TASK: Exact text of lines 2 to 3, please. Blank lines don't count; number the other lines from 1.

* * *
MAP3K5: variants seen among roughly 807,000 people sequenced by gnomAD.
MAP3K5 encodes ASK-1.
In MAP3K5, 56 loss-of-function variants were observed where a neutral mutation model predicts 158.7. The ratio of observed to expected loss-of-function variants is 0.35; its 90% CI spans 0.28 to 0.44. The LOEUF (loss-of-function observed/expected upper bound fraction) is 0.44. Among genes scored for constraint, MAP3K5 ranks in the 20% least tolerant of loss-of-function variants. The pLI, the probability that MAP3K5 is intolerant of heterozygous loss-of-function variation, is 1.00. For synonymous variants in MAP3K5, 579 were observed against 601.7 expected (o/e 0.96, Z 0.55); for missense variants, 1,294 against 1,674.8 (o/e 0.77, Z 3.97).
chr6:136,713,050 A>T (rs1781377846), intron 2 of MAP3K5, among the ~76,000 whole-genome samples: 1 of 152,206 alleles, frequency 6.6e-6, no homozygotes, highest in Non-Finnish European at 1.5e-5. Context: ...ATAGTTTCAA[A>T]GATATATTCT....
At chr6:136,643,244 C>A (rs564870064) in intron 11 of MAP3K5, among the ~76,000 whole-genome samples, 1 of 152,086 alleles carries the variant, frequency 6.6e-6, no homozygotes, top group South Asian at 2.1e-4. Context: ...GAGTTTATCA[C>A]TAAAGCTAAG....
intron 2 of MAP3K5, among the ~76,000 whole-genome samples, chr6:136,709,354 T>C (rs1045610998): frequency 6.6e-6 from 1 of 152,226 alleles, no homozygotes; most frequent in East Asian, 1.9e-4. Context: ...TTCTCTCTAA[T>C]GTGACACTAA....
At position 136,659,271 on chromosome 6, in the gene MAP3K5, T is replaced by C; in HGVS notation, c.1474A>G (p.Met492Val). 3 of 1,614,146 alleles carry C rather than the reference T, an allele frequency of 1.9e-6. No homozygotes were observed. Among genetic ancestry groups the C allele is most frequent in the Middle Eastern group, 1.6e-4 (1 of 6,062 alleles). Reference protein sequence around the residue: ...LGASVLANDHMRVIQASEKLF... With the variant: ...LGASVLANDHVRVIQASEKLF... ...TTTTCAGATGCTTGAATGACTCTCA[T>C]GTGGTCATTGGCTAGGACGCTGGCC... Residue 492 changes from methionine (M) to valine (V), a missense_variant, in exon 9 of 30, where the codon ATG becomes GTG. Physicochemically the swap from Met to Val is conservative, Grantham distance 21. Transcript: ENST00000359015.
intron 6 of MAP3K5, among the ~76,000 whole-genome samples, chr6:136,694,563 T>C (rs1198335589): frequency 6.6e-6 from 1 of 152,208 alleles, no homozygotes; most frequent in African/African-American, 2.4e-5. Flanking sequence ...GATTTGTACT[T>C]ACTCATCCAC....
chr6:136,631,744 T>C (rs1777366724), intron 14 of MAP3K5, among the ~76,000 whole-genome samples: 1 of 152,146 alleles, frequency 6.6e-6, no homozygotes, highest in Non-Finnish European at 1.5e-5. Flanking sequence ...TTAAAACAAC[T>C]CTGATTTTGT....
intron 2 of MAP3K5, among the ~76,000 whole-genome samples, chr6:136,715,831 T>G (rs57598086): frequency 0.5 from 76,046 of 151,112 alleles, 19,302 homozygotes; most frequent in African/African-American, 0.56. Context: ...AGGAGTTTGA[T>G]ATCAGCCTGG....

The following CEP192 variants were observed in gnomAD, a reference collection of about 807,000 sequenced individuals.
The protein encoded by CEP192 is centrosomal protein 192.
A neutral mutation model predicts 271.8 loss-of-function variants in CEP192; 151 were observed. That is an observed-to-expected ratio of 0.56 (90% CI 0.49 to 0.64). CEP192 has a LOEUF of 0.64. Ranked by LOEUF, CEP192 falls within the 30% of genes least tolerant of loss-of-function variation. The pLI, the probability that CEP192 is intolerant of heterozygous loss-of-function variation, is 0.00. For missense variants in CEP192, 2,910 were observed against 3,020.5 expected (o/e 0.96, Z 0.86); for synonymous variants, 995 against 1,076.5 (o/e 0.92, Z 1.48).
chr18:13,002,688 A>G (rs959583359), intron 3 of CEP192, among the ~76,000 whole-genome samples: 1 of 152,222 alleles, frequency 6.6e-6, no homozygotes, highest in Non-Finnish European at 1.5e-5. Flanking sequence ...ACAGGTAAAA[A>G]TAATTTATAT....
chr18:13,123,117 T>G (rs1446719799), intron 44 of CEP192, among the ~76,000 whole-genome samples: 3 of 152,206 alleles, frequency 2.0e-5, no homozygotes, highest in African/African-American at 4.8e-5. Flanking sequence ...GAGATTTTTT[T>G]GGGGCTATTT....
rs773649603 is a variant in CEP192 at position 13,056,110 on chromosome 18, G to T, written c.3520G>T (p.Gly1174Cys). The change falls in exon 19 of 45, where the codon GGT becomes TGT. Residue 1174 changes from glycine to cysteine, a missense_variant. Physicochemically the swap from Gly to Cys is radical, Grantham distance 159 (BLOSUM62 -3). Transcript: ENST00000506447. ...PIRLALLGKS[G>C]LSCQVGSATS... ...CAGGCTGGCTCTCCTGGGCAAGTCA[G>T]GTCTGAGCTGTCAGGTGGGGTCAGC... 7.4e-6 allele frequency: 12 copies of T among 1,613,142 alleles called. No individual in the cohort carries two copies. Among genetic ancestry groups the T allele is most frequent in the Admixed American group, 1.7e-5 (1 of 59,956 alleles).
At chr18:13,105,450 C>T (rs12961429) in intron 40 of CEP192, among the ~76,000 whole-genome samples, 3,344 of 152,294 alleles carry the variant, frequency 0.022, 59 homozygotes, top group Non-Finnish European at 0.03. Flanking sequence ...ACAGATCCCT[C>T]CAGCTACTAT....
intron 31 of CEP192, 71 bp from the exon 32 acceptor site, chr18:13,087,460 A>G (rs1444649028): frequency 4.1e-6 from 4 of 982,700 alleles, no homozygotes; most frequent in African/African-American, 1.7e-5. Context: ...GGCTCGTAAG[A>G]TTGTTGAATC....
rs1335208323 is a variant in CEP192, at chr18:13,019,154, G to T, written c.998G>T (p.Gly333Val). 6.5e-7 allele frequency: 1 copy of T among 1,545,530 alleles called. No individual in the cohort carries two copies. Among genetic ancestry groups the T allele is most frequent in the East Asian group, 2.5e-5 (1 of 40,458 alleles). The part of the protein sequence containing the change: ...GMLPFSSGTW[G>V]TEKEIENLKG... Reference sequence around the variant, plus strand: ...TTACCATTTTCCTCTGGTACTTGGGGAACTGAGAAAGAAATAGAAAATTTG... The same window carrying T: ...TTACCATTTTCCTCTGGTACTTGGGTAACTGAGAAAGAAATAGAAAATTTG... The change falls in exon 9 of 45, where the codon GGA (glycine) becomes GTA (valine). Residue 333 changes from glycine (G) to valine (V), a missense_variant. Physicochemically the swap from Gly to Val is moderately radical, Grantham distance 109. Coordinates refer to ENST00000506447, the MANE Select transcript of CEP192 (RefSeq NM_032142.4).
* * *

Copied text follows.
MAP3K5 encodes ASK-1.
In MAP3K5, 56 loss-of-function variants were observed where a neutral mutation model predicts 158.7. The ratio of observed to expected loss-of-function variants is 0.35; its 90% CI spans 0.28 to 0.44. The LOEUF (loss-of-function observed/expected upper bound fraction) is 0.44. Among genes scored for constraint, MAP3K5 ranks in the 20% least tolerant of loss-of-function variants. The pLI, the probability that MAP3K5 is intolerant of heterozygous loss-of-function variation, is 1.00. For synonymous variants in MAP3K5, 579 were observed against 601.7 expected (o/e 0.96, Z 0.55); for missense variants, 1,294 against 1,674.8 (o/e 0.77, Z 3.97).